Skeletal Pathology

Terminology, Images & Stuff
Jeannean Rollins, MRC, BSRT, (R)(CV)
Associate Professor, Medical Imaging & Radiation Sciences
Arkansas State University
Jonesboro, AR
• Define fracture
• Define the 5 descriptors used to
classify fractures in long bones
• Discuss the fractures with “special”
names, i.e., eponyms
• Review the classifications for fractures
of the vertebral column
• Review sample images of fractures
Fracture Definition
• “A disruption of bone caused by
mechanical forces applied either
directly to the bone or transmitted
along the shaft of a bone.” (Eisenberg
Eisenberg, R. & Johnson, N. Comprehensive Radiographic Pathology, 5th Edition. Elsevier,
St. Louis. 2011.
Radiographic Manifestations
• Radiolucent line crossing the bone &
interrupting cortical margins
• Radiopaque line or area due to
overlapping bone fragments
Secondary Signs of Fracture
• Joint effusion
• Soft tissue swelling
• Interruption of normal pattern of
bony trabeculae
Fracture Factoid:
Descriptions/Classifications of
Extent of fracture
Direction of fracture line(s)
Position of fracture fragments
Number of fracture lines
Integrity of overlying skin
Extent of Fracture
• Complete
 results in the discontinuity between 2 or
more fragments
• Incomplete
 causes only partial discontinuity
between fragments, leaving part of
cortex in place
Direction of Fracture Line(s)
• Transverse
 Runs at right angle to long axis; Usually
results from direct blow or pathology
• Oblique
 Runs about 45 degrees to long axis;
Results from angulation force
• Spiral
 Encircles shaft; Caused by torsional force
Position of Fracture Fragments
• Undisplaced
 No angulation or separation of fragments
• Displaced
 Bone fragments separated; Described in
relation of distal fragment in relation to
• Angulation
 Indicates angular deformity between
axes of major fragments
Number of Fracture Lines
• Comminuted
 Describes when there are 2 or more
fracture fragments
• Segmental
 Consists of a segment of the shaft
separated by proximal and distal fracture
Integrity of Overlying Skin
• Closed
 describes when the skin is intact
• Open/Compound
 describes when the skin is disrupted; any
type of wound over a fracture site,
whether or not bone is protruding
Pediatric Fractures
• Greenstick
• Torus/Buckle
• Salter-Harris
 Abbreviated SH
 Initials followed by a number (I-V)
indicating severity
 I – least severe; V – most severe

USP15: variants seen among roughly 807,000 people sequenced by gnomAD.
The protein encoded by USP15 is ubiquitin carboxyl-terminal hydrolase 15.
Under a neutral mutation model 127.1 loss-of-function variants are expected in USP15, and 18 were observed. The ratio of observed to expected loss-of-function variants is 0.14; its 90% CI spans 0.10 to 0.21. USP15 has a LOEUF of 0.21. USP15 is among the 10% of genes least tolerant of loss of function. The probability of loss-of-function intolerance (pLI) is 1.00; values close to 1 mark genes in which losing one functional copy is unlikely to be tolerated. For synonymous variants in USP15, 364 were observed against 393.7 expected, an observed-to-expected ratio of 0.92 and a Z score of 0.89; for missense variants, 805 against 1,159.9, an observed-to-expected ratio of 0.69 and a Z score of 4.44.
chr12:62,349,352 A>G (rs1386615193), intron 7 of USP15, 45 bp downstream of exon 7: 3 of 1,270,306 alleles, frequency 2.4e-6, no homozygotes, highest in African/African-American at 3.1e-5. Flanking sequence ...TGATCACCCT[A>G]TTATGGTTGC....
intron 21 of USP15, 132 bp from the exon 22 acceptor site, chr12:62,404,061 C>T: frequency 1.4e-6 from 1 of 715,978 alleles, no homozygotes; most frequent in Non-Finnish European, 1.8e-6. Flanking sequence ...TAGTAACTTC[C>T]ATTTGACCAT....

Salter-Harris fx
• Involves epiphyseal (growth) plate
• Greatest concern:
• Death of the growth plate
• Causes limb length discrepancy
Upper Limb
Common Eponymous Fractures
Boxer Fracture
 Fx of 5th metacarpal w/ palmar (volar)
 Name reflects the mechanism of injury
 Commonly caused by hitting a solid object
with a closed fist
Bennett Fracture
• Defined as a fracture at the base of
the 1st metacarpal that extends into
the CMC joint
 Also called an intraarticular fracture or a
• Mechanism of Injury: Axial load on a
partially flexed thumb
Bennett Fracture
• Critical because incorrect or delayed
diagnosis can result in:
 Early arthritis and pain
 Loss of some thumb mobility
Bennett’s Fracture
Colles Fracture
• Most common fracture of the distal
 Osteoporosis is a risk factor
• Usually results from a fall on an
outstretched hand
• Dorsal displacement of the distal
fragment is characteristic
 Smith fracture (reverse Colles) has volar
Monteggia/Galeazzi Fractures
• Both are fracture/dislocation injuries
of the forearm
• Monteggia
 Fx of ulna with dislocation of the radial
• Galeazzi
 Fracture of radius with dislocation of
ulnar head
Hill-Sachs & Bankart
• Caused by frequent anterior shoulder
• Often occur simultaneously
• Often requires CT or MRI to diagnose
• Hill-Sachs
 Posterorlateral humeral head compression
• Bankart
 Fx of inferior glenoid
Lower Limb
Common Fractures
• Jones
• Charcot joint
• Maisonneuve
Jones Fracture
• A transverse fracture at the base of
the fifth metatarsal, 1.5 to 3 cm distal
to the tuberosity at the
metadiaphyseal junction
• Other common fractures at this site:
 Stress
 Avulsion
Jones Fracture
Charcot Joint
• AKA: Charcot (Charcot’s) foot,
neurotrophic joint, neuropathic joint
• Progressive degenerative/destructive
joint disorder in patients with
abnormal pain sensation and
proprioception 1